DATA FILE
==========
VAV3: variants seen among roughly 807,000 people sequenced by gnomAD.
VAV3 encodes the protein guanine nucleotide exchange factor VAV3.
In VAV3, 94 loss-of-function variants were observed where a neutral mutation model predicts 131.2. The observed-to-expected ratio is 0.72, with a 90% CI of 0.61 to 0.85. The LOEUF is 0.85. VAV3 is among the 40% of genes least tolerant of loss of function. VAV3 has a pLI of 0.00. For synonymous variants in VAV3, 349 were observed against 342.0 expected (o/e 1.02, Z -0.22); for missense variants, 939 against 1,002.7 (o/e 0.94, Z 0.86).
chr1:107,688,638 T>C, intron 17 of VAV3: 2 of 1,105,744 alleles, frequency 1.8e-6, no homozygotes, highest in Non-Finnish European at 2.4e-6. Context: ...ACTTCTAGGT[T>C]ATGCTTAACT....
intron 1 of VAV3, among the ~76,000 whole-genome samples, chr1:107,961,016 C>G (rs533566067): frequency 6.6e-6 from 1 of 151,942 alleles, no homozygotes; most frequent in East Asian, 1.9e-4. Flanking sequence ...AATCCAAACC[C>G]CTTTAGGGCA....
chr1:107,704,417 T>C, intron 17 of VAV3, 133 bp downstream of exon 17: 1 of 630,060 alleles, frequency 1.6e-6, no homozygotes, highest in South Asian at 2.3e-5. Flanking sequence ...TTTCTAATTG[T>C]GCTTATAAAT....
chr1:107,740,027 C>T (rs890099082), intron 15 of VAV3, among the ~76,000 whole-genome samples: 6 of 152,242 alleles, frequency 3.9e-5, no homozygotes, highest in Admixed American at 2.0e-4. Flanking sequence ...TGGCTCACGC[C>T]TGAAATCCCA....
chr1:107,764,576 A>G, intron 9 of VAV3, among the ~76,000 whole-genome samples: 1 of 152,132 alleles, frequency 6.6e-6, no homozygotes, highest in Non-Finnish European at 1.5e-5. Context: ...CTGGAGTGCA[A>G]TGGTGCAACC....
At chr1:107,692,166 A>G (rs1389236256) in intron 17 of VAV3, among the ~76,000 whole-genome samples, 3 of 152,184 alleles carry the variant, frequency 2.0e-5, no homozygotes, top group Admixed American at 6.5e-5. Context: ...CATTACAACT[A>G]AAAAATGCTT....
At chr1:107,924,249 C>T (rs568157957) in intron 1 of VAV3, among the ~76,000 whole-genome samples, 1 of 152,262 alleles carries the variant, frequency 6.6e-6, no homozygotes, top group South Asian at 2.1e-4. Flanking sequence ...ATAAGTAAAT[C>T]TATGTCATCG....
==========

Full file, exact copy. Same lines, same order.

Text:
VAV3: variants seen among roughly 807,000 people sequenced by gnomAD.
VAV3 encodes the protein guanine nucleotide exchange factor VAV3.
In VAV3, 94 loss-of-function variants were observed where a neutral mutation model predicts 131.2. The observed-to-expected ratio is 0.72, with a 90% CI of 0.61 to 0.85. The LOEUF is 0.85. VAV3 is among the 40% of genes least tolerant of loss of function. VAV3 has a pLI of 0.00. For synonymous variants in VAV3, 349 were observed against 342.0 expected (o/e 1.02, Z -0.22); for missense variants, 939 against 1,002.7 (o/e 0.94, Z 0.86).
chr1:107,688,638 T>C, intron 17 of VAV3: 2 of 1,105,744 alleles, frequency 1.8e-6, no homozygotes, highest in Non-Finnish European at 2.4e-6. Context: ...ACTTCTAGGT[T>C]ATGCTTAACT....
intron 1 of VAV3, among the ~76,000 whole-genome samples, chr1:107,961,016 C>G (rs533566067): frequency 6.6e-6 from 1 of 151,942 alleles, no homozygotes; most frequent in East Asian, 1.9e-4. Flanking sequence ...AATCCAAACC[C>G]CTTTAGGGCA....
chr1:107,704,417 T>C, intron 17 of VAV3, 133 bp downstream of exon 17: 1 of 630,060 alleles, frequency 1.6e-6, no homozygotes, highest in South Asian at 2.3e-5. Flanking sequence ...TTTCTAATTG[T>C]GCTTATAAAT....
chr1:107,740,027 C>T (rs890099082), intron 15 of VAV3, among the ~76,000 whole-genome samples: 6 of 152,242 alleles, frequency 3.9e-5, no homozygotes, highest in Admixed American at 2.0e-4. Flanking sequence ...TGGCTCACGC[C>T]TGAAATCCCA....
chr1:107,764,576 A>G, intron 9 of VAV3, among the ~76,000 whole-genome samples: 1 of 152,132 alleles, frequency 6.6e-6, no homozygotes, highest in Non-Finnish European at 1.5e-5. Context: ...CTGGAGTGCA[A>G]TGGTGCAACC....
At chr1:107,692,166 A>G (rs1389236256) in intron 17 of VAV3, among the ~76,000 whole-genome samples, 3 of 152,184 alleles carry the variant, frequency 2.0e-5, no homozygotes, top group Admixed American at 6.5e-5. Context: ...CATTACAACT[A>G]AAAAATGCTT....
At chr1:107,924,249 C>T (rs568157957) in intron 1 of VAV3, among the ~76,000 whole-genome samples, 1 of 152,262 alleles carries the variant, frequency 6.6e-6, no homozygotes, top group South Asian at 2.1e-4. Flanking sequence ...ATAAGTAAAT[C>T]TATGTCATCG....